Posted by: coastcontact | December 19, 2012

End of the world on December 21, 2012? The end of the world has been predicted before

Suggestions that the world is about to end have been made from time immemorial. Sixteenth-century French oracle Michel Nostradamus, various religions, an astrologer with a syndicated newspaper column — even a former U.S. presidential candidate — have all claimed to know when the world will end.

On April 7, 1894 St. Louis, Missouri faith doctor J.S. Willis predicted Jesus would return to Earth Thursday March 6, 1896, at 3 p.m. (Jerusalem time). But before then, Willis promised, the world would be ensnared in a series of wars and revolutions.

During the 1950s, Jeane Dixon, an astrologer who had a syndicated newspaper column, gained fame for her psychic predictions.  She wrote in the May 13, 1956, issue of Parade Magazine that the 1960 presidential election would be won by a Democrat who would die in office. (John F. Kennedy was assassinated Nov. 22, 1963.)  After foretelling Kennedy’s murder, Dixon later predicted there would be a planetary alignment on Feb. 4, 1962 that would herald the world’s destruction. (She also said the Soviets would put the first man on the moon.)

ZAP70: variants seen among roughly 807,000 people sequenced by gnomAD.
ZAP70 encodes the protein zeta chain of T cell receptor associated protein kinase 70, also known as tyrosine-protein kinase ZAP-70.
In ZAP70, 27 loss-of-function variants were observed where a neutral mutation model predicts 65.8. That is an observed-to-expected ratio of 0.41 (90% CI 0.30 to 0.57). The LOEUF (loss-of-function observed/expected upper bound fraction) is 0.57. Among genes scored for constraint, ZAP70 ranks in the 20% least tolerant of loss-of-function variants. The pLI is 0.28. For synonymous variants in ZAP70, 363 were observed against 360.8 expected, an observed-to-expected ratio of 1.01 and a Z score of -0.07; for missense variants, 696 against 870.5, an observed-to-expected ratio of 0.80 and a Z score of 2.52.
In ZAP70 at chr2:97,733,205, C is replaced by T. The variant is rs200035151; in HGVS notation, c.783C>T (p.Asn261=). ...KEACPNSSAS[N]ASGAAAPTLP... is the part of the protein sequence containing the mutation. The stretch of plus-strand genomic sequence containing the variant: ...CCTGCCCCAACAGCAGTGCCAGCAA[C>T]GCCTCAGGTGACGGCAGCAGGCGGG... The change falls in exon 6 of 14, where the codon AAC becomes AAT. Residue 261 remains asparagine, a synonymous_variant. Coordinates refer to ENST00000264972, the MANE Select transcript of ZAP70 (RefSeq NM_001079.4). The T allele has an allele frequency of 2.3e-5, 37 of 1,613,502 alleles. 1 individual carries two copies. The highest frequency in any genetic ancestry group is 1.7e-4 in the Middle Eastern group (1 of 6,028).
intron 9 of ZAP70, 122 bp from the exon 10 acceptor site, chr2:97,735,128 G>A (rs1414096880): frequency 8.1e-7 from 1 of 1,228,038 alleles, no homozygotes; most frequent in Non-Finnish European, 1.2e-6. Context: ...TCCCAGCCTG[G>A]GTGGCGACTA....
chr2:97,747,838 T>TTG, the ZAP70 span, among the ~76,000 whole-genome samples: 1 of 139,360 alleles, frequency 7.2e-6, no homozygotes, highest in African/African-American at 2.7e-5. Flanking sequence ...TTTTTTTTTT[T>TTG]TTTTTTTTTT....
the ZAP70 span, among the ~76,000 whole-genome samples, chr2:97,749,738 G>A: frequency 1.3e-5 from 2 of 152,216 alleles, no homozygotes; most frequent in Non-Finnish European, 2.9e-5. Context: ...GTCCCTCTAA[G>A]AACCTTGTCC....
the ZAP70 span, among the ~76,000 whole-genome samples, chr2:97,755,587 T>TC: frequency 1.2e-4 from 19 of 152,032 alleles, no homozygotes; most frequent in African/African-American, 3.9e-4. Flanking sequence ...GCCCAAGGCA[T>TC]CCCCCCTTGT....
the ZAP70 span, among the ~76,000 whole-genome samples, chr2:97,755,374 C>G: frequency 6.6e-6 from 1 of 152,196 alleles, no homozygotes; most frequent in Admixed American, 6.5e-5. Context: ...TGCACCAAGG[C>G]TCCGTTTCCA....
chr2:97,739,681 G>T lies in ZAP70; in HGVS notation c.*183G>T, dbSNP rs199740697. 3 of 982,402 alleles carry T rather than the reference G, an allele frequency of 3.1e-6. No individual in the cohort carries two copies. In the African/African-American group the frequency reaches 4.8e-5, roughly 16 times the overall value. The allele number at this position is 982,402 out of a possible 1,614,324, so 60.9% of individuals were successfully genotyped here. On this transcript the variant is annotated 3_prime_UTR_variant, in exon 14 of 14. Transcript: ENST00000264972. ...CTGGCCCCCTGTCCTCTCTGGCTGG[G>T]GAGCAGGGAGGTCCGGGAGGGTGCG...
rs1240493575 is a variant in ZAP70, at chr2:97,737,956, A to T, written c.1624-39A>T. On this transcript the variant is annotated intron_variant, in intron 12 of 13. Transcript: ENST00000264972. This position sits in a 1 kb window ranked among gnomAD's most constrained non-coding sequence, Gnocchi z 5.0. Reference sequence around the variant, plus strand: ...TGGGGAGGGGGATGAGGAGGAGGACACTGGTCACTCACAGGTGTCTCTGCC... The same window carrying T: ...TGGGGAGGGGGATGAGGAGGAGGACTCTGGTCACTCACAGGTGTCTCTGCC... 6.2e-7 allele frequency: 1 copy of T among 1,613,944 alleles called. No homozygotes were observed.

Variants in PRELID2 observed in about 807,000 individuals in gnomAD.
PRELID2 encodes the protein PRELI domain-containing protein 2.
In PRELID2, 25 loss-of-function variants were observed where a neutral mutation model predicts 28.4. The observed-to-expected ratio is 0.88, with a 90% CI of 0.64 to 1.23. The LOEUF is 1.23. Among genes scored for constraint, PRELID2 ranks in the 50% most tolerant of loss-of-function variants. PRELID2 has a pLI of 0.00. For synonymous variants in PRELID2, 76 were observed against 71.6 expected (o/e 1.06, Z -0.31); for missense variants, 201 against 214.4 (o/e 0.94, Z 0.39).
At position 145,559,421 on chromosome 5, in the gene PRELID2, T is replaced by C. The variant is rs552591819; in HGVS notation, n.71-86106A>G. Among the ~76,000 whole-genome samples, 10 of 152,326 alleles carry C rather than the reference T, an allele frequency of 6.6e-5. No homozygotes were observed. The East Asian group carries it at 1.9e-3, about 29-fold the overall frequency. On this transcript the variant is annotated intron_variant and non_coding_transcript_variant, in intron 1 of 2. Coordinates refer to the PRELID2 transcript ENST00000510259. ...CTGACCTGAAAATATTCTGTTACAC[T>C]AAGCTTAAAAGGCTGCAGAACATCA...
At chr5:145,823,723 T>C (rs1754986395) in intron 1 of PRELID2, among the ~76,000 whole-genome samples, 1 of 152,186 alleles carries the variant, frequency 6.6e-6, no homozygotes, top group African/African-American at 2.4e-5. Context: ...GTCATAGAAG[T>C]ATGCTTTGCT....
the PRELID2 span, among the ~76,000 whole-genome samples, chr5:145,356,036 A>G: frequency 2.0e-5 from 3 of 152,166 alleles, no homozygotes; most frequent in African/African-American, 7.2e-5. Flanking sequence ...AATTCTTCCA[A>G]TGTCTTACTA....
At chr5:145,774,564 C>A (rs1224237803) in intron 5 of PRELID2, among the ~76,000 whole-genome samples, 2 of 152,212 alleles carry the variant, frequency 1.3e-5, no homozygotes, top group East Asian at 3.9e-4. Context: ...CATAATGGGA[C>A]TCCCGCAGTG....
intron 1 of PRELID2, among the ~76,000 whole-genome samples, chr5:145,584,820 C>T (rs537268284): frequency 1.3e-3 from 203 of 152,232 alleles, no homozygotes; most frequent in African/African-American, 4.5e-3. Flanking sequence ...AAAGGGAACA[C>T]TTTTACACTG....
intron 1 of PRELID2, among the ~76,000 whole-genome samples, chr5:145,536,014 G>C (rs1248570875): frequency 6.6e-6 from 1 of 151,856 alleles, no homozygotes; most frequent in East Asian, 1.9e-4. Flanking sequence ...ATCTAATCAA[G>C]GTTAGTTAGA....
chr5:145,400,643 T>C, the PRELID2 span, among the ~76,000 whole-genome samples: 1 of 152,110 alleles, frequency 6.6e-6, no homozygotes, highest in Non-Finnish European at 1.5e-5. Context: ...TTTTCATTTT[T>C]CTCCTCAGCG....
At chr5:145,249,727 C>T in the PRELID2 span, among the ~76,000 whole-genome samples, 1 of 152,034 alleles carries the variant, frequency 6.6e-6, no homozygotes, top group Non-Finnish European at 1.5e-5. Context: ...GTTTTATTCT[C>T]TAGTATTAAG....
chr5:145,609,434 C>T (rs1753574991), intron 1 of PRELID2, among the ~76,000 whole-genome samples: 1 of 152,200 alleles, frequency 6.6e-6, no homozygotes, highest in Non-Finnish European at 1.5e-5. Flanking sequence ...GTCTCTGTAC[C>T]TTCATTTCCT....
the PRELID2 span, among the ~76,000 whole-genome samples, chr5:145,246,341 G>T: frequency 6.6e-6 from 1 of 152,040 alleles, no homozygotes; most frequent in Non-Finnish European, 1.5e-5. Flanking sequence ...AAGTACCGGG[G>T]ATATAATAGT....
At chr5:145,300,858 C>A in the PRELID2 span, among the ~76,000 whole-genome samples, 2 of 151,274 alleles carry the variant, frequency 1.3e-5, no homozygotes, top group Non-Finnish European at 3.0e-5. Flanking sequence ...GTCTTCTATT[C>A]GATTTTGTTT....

Television evangelist Pat Robertson in 1980 predicted the world’s destruction, according to the book Salvation for Sale, an Insider’s View of Pat Robertson’s Ministry, written by Gerald Thomas Straub, a former producer of The 700 Club. “He’s had it up to here and the hour of His wrath has come,” Robertson was quoted as saying during a Jan. 1, 1980, staff meeting. “Now if I’m hearing Him right, things are starting to happen. What is started over in the Middle East is not going to stop short of a war.” The war, Robertson said, would herald the end of the world.

During the late 1980s, Elizabeth Clare Prophet stoked fears when she warned of nuclear Armageddon that would come with a nuclear strike by the Soviet Union against the United States. More than 2,000 followers left their homes and flocked to her church’s compound near Yellowstone National Park. There they began stockpiling weapons, food and clothing in a system of concrete and steel shelters.

Only last year, Harold Camping, who ran a non-profit radio chain, spent millions of dollars to buy billboard space across the U.S. and print millions of pamphlets warning of doomsday. Camping, who earlier predicted the world would end in 1984, said he used a complex formula relying on numbers in the Bible to conclude the world would end May 21, 2011.

In 1961, a physicist at the University of Illinois named Heinz von Foerster calculated that, on or about Friday, Nov. 13, 2026, the world’s exploding population would become so dense that everyone would be “squeezed to death,” according to the New York Times.

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